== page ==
The Weak Dollar: A Good Thing?
If asked which is better, a strong dollar or a weak one, most Americans would automatically vote for a strong dollar. We're used to thinking that bigger and stronger must be better, and it just feels good to see our currency rated higher than the yen or the euro. It feeds our inner urge to be the best at everything.
The problem is that most of us don't think past strong = good and weak = bad unless we're traveling to some exotic land where conversion rates come into play. It doesn't take even the most economically-challenged tourists long to discover that a strong dollar means that they can buy more as roam they the local markets. The same financial rules that translate into vacation bargains can lead to trade deficits, economic trouble, and job losses at home.
If that thought comes as a surprise, you're not alone. According to Philip at Weakonomics.com, "International trade is an economic subject often ignored in traditional economics," and, "For most people in the US, it's the biggest thing you've never thought about." Many people were surprised when President Obama was confronted in South Korea by an accusation that the US was working hard to deflate the dollar to manipulate trade balances, the very same accusation that was made by US officials against China.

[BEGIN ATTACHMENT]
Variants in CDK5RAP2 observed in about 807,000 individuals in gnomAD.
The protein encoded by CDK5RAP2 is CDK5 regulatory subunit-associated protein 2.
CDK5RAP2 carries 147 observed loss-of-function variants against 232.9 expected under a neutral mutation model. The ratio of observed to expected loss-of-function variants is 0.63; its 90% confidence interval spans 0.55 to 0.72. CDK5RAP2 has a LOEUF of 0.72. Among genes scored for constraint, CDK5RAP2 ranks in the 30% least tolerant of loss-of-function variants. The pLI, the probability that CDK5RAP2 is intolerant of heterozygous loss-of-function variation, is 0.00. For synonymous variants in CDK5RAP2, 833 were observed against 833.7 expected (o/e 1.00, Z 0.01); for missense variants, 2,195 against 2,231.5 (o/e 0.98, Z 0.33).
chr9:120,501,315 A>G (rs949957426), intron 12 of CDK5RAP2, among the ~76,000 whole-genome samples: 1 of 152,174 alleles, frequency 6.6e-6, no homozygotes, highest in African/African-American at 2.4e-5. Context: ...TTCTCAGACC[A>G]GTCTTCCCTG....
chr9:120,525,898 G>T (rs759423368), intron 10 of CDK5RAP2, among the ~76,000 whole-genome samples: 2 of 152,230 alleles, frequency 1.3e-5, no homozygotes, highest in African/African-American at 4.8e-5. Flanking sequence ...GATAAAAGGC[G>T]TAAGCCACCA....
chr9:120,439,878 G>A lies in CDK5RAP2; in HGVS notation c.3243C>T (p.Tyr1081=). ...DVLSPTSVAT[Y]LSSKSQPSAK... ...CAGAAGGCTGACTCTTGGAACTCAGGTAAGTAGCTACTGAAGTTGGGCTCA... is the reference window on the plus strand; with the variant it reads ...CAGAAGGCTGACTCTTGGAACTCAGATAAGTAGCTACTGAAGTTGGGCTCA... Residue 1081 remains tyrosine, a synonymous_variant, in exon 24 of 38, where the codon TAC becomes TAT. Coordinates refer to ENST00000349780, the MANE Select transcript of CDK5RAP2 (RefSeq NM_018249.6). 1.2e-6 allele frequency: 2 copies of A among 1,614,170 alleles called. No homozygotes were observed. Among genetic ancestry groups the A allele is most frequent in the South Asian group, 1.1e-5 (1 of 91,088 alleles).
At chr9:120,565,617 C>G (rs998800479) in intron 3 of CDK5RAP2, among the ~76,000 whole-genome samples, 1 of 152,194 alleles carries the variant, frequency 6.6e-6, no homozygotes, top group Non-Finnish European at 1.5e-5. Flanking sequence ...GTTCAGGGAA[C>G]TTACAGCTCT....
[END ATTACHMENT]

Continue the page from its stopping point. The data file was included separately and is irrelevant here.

Why would the US government try to deflate the dollar when they've been spending so much money in attempts to stimulate the economy? The truth is that currency is part of every country's fiscal policy, and every government openly manipulates the value and exchange rates in an effort to protect their internal economic system. The next time you hear a politician promise to do something about the weak US dollar, don't pay too much attention. It's a great strategy to gain voter approval, but he or she knows it's not always the best policy.
A weak dollar at home is one of the best ways, in the short term, to stimulate growth and increase the Gross Domestic Product. It generally means that anything with the good old "Made in the USA" label is cheaper for foreign countries to buy, and American exports will increase. In theory, this means that foreign funds flow into the country, domestic production increases, and jobs are added. Just as a weak dollar brings more foreign tourists to US shores, it also means that foreign investors flock to the US stock market. This increased demand can be the start of an upward trend in stock prices.
Now that you're convinced of the value of a weak dollar, the next logical step is to think that the dollar should always be weak or that it should be as weak as possible. The problem with this idea is that a weak dollar is only a short term solution to a slow economy. In the long run, a weak dollar causes inflation. We all know that inflation isn't good for most of us, and runaway inflation could quickly lose all that the weak dollar gained in the first place.